Shopping at a Goodwill store is like discovering a really great rummage sale. There are racks and racks of second-hand clothing and shoes, books, electronics, furniture, knick-knacks -- you name it. And all at bargain prices. This store in Bemidji is bustling with shoppers.
At the checkout counter, rural Bemidji resident Dorothy Hughes is buying a few odds and ends, including some stuffed animals for her grandkids. Hughes says she comes here looking for bargains.
"I even did this before the economy got bad," said Hughes. "That's what you do, you save money. I even go to other second-hand stores, too, and I buy sheets and everything, you know. I buy my towels in here and stuff, too."
Goodwill stores across the state are seeing an increase in shoppers -- and revenue. That means more money for the organization's programs, which focus on job training for the disadvantaged. The sales boom is driven by the dismal economy.
Bemidji store manager Melanie Mathisen says if there's a stigma associated with shopping at second-hand stores, that stigma is fading as times get tough.
"We're seeing a lot of new faces in the store," said Mathisen. "There's a lot more people that are coming in that didn't come in before, and they're looking for those great deals. They're looking for ways to hold onto their pocketbooks a little bit tighter."
Okay, so that's the good news. The bad news for Goodwill Industries is that donations to its stores are way down.
The shelves are mostly full, for now. But Mathisen says with more shoppers coming in, it could mean trouble down the road if there's a prolonged recession.
"If the donations really slow down too far, then that does hurt," she said. "Obviously, we need donations to run the stores, all of our stores, and without them we cannot supply our customers with what they're looking for."
The story is the same across town at Bemidji's Restore, where manager Steve Strasser is testing a recently donated clothes dryer.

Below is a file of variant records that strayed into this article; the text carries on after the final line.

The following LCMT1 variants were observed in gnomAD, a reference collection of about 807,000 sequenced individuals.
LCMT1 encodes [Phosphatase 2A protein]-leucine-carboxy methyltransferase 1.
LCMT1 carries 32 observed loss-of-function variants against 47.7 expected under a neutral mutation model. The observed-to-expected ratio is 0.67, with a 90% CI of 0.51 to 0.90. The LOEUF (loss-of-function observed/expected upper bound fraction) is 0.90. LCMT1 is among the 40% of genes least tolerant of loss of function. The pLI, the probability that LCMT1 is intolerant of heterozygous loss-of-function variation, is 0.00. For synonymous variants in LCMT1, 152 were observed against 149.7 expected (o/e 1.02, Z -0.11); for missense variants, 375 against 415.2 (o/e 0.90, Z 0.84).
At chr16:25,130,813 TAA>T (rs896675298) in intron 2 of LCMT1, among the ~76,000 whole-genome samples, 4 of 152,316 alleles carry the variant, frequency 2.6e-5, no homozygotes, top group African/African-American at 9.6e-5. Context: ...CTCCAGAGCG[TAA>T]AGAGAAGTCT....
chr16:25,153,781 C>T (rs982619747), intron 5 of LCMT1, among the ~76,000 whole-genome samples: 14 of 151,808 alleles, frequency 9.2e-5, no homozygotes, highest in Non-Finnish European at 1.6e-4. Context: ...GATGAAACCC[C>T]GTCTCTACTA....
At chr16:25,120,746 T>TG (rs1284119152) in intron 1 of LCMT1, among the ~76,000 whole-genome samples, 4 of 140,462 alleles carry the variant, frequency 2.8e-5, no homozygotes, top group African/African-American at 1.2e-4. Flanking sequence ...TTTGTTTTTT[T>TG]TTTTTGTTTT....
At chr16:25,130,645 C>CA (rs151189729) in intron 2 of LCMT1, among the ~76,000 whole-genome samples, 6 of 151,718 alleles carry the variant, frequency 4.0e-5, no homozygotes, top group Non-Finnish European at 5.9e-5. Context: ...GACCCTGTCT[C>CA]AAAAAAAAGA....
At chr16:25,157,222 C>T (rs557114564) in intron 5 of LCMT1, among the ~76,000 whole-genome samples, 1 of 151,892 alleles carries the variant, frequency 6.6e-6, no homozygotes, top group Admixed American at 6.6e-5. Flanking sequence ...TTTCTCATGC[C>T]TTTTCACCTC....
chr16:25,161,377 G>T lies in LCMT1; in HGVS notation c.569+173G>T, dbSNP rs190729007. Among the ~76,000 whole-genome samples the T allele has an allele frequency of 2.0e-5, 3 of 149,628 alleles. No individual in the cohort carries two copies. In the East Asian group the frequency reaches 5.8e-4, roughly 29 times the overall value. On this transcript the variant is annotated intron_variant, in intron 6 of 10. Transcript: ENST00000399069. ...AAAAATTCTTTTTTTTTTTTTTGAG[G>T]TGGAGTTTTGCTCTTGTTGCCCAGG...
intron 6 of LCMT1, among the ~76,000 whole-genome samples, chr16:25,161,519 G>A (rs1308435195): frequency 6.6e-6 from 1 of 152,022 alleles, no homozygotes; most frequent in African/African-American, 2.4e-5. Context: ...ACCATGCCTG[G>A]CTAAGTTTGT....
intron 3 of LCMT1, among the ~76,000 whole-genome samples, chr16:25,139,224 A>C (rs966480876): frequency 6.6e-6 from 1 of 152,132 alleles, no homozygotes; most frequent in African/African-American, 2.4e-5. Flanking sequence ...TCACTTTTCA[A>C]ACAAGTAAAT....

The Restore is one of six in the state operated by Habitat For Humanity. It sells used appliances and furniture, and all sorts of construction supplies. There are rows and rows of doors and windows, cases of shingles, kitchen and bathroom sinks, and stacks of lumber.
October was one of the Restore's best sales months ever. Used appliances are the hottest sellers.
Steve Strasser says these days people are reluctant to buy new ones, so they're looking for bargains.
But donations are slipping. They're way down from local building supply stores, which typically pass on their surplus material. Strasser says with an ongoing construction slump, he has to work harder to keep shelves stocked. He worries things will get worse.
"Everything will impact us," Strasser said. "It may bring us to the point of donations starting to dry up from local citizens. I think that goes for any place that is basically run on a donation basis. There are those who give and there are those who need, and people kind of want to hang onto what they've got."
Charity organizations are in a critical period right now. About 40 percent of all giving occurs between Thanksgiving and Christmas.
Charities Review Council of Minnesota director Rich Cowles says it's too early to tell how charities faired through the economic turmoil of 2008.
"There aren't hard numbers yet, but it appears that giving is just generally down," Cowles said. "My thought about this is just that people are retrenching and kind of waiting, because we don't really know where the bottom is, and so it's tough to be generous when you're not sure."
A recent study at Indiana University shows that giving typically declines in periods of recession. The study found one exception, though. Charities like food shelves and others that serve the most critical human needs actually see donations go up slightly during recessions.
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